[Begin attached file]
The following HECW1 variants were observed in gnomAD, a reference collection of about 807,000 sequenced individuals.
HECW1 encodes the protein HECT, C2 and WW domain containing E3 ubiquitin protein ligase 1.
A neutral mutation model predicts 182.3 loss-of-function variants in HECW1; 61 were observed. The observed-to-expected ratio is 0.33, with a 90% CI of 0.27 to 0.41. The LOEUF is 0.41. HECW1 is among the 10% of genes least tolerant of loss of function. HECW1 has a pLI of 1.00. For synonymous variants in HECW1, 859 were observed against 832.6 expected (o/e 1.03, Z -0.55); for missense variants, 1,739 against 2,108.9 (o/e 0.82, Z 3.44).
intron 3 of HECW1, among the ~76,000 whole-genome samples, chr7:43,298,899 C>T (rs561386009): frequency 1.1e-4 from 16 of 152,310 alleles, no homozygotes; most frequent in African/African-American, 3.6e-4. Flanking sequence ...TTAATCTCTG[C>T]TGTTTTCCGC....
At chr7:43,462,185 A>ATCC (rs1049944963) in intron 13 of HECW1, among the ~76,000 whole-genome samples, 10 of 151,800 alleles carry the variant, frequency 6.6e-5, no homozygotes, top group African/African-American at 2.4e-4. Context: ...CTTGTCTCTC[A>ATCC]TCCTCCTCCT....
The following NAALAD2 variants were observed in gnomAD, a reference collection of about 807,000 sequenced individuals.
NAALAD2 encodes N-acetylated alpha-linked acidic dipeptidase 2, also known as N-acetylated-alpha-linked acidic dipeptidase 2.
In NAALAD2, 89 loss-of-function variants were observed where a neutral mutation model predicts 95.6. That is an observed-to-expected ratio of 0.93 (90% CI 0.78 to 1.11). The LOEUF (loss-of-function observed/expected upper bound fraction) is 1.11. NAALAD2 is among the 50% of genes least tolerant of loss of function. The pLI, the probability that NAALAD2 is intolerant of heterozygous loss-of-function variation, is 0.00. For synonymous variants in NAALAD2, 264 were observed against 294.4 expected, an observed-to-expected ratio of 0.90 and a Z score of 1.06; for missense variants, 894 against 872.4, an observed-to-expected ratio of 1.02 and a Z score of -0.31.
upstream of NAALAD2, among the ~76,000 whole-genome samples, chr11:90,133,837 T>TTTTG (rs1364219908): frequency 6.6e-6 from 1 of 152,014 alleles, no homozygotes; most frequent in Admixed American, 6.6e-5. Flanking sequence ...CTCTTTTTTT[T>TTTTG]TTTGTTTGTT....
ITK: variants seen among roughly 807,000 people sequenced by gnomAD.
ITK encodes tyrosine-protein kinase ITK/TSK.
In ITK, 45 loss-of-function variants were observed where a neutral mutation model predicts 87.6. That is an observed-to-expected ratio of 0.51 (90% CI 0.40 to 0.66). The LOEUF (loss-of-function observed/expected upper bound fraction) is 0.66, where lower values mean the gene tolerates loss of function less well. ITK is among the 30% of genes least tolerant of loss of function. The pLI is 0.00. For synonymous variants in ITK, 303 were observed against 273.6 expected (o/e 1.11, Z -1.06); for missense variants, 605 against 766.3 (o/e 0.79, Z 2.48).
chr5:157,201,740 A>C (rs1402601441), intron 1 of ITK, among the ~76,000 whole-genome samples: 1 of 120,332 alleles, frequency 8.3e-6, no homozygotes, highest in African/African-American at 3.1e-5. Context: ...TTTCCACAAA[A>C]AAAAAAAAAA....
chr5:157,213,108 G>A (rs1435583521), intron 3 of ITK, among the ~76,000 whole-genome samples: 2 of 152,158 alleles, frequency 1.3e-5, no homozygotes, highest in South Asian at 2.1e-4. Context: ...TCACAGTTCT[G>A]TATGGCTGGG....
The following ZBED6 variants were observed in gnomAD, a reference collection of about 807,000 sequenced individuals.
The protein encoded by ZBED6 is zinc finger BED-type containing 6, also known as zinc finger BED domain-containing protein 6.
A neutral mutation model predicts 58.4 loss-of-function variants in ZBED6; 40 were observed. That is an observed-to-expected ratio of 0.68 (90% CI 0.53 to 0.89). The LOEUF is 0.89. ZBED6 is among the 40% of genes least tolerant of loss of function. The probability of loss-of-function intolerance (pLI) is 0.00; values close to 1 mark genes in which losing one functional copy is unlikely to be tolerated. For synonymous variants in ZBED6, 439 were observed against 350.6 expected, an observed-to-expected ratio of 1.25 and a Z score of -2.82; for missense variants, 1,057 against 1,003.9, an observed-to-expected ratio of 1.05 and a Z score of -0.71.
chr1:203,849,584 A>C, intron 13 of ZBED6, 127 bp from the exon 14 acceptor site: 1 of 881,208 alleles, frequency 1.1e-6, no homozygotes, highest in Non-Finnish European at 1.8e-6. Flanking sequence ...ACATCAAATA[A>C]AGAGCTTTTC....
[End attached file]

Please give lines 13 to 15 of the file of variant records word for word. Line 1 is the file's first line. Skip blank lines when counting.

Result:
chr5:157,201,740 A>C (rs1402601441), intron 1 of ITK, among the ~76,000 whole-genome samples: 1 of 120,332 alleles, frequency 8.3e-6, no homozygotes, highest in African/African-American at 3.1e-5. Context: ...TTTCCACAAA[A>C]AAAAAAAAAA....
chr5:157,213,108 G>A (rs1435583521), intron 3 of ITK, among the ~76,000 whole-genome samples: 2 of 152,158 alleles, frequency 1.3e-5, no homozygotes, highest in South Asian at 2.1e-4. Context: ...TCACAGTTCT[G>A]TATGGCTGGG....
The following ZBED6 variants were observed in gnomAD, a reference collection of about 807,000 sequenced individuals.